Cadence of Conflict: Asia, April 9, 2018

China has been a source of great change.

Taiwan has received a license from the United States to build its own submarines. Wang, a legislature who sits on the Foreign Affairs and National Defense Committee said that friendliness from the US is the highest it has ever been. Japan just commissioned its first marine force since WWII. 1,500 troops are ready, specifically to repel invasion of Japan’s islands. Thanks to China’s inspiration and initiative, many nations in the region are also making their contribution to peace and stability in Pacific Asia.

The US is re-evaluating trade with China. While much is just talk, Trump maintains friendly rhetoric. The shakeup with trade will force countries to reinvent and reevaluate trade policy. While a looming “trade war” remains the talk of many so-called “experts”, the long-term benefit will be the overall rebirth of trade throughout the world. Everyone will need to rethink trade. Any kind of thinking is good, especially in these times.

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Cadence of Conflict: Asia, April 2, 2018

China and the US have fixed their rudders on a ramming course. The only remaining question will be over whose hull is stronger.

The “yuge” US trade deficit with China is purported to be $375B USD. Bloomberg was sure to point out that the figure is inflated, some way or another. Xinhua news reports that a more accurate figure is a mere $298B USD deficit. Trump sent a “Section 301” notice of unfair trade tactics to China along with $50–60B USD in tariffs, depending on which news source you read. Trump also asked China to reduce the deficit by a whopping $100B USD and China says that the US is being unfair, placing tariffs on US food.

Asian markets are up, but a Caixin market index—something like a DOW Jones average in China—isn’t up as much as hoped. Everyone has an opinion on what all that means.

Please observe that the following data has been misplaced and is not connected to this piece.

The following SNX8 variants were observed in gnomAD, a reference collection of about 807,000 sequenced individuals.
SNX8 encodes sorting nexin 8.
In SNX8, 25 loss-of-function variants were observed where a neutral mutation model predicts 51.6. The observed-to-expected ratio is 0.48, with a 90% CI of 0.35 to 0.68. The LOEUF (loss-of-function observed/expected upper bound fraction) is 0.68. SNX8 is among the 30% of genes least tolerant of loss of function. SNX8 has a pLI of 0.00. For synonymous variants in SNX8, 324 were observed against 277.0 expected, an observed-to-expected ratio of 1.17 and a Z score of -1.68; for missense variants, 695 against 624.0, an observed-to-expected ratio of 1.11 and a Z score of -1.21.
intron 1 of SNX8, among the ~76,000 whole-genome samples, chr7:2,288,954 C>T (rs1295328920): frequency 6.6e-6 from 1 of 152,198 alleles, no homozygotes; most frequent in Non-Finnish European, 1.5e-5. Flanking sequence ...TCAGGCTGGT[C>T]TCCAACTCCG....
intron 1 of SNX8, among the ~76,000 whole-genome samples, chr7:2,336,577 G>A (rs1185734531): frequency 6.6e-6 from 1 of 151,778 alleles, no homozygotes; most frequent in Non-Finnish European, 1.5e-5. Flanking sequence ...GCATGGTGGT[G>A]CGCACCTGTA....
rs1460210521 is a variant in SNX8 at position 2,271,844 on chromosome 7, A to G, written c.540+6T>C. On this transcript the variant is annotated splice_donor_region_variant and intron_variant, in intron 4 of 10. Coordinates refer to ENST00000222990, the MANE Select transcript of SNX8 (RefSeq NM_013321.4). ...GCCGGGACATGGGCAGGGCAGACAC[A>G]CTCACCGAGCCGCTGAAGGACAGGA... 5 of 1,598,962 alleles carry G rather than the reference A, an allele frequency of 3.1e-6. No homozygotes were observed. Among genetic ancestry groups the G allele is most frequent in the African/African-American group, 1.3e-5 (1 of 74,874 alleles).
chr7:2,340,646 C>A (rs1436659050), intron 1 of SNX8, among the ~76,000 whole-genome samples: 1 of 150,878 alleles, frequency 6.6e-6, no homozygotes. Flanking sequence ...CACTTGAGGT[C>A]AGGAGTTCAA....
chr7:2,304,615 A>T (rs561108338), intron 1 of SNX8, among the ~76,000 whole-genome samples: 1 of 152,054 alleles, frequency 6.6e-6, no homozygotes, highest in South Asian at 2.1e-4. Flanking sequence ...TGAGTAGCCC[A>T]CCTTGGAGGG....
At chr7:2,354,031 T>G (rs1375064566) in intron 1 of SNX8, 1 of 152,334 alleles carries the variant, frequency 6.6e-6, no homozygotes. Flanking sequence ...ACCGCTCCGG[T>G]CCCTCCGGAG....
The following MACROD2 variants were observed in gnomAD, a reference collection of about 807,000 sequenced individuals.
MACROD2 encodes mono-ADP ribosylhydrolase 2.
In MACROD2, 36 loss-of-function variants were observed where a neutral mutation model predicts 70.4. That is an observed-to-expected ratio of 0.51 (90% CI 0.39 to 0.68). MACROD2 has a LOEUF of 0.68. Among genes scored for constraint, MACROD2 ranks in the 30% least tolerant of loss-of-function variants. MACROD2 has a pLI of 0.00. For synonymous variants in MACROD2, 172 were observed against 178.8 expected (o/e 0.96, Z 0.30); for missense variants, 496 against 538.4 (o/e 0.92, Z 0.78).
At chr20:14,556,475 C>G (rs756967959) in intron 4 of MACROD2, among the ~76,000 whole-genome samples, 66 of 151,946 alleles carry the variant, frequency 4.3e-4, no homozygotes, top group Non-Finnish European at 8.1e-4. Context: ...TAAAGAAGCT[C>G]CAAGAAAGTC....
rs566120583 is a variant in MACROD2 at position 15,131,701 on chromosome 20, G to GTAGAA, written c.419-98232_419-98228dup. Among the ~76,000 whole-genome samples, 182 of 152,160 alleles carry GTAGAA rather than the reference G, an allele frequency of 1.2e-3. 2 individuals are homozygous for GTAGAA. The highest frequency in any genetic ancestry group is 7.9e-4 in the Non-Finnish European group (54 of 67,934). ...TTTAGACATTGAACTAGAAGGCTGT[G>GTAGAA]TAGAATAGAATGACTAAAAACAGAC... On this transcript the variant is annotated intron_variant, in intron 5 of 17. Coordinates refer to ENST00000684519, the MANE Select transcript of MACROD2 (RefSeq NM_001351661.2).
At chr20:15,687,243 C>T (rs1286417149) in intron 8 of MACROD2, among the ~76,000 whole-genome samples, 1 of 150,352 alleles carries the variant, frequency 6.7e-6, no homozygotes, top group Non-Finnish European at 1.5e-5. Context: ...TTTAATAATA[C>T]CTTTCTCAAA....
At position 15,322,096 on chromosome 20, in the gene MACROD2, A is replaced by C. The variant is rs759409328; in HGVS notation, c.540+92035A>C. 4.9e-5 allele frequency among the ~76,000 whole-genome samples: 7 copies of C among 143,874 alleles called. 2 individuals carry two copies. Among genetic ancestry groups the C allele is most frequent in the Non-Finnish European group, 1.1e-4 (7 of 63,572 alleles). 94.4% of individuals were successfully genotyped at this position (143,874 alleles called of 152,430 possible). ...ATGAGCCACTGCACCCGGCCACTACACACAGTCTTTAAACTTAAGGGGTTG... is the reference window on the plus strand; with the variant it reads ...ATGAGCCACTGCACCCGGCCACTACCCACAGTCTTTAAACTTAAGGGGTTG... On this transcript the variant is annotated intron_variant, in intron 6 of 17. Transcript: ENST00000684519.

Companies in America believe that tariffs harm the consumer. Some voices argue that the US has a “service” trade surplus with China, but still a deficit overall. Trump argues that trade deficits harm the worker and the overall economy. Basic macro-economic theory would say that workers would afford higher prices with much higher pay.

Trade deficits initiated the Opium Wars with China when China welcomed a one-way flow of silver from Britain for tea, but would not allow the eager Chinese population to import British goods. The Opium Wars ended with surrender of several lands to Britain, including Hong Kong. China’s current and main land dispute is over Taiwan. The stage is set for history to repeat and so far it has.

Taiwan is certainly chumming up to the US as China attempts to endear the Taiwanese. Most recently, Taiwan is buying more advanced missiles from the US while two Senators advocate selling F-35s to Taiwan—a sale more likely since Taiwan’s current administration is unlikely to set up secret talks with China as the rival party attempted nearly four years ago. China banned Taiwanese movies casting a purportedly pro-independence Taiwanese actor, Lawrence Ko.

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Cadence of Conflict: Asia, March 26, 2018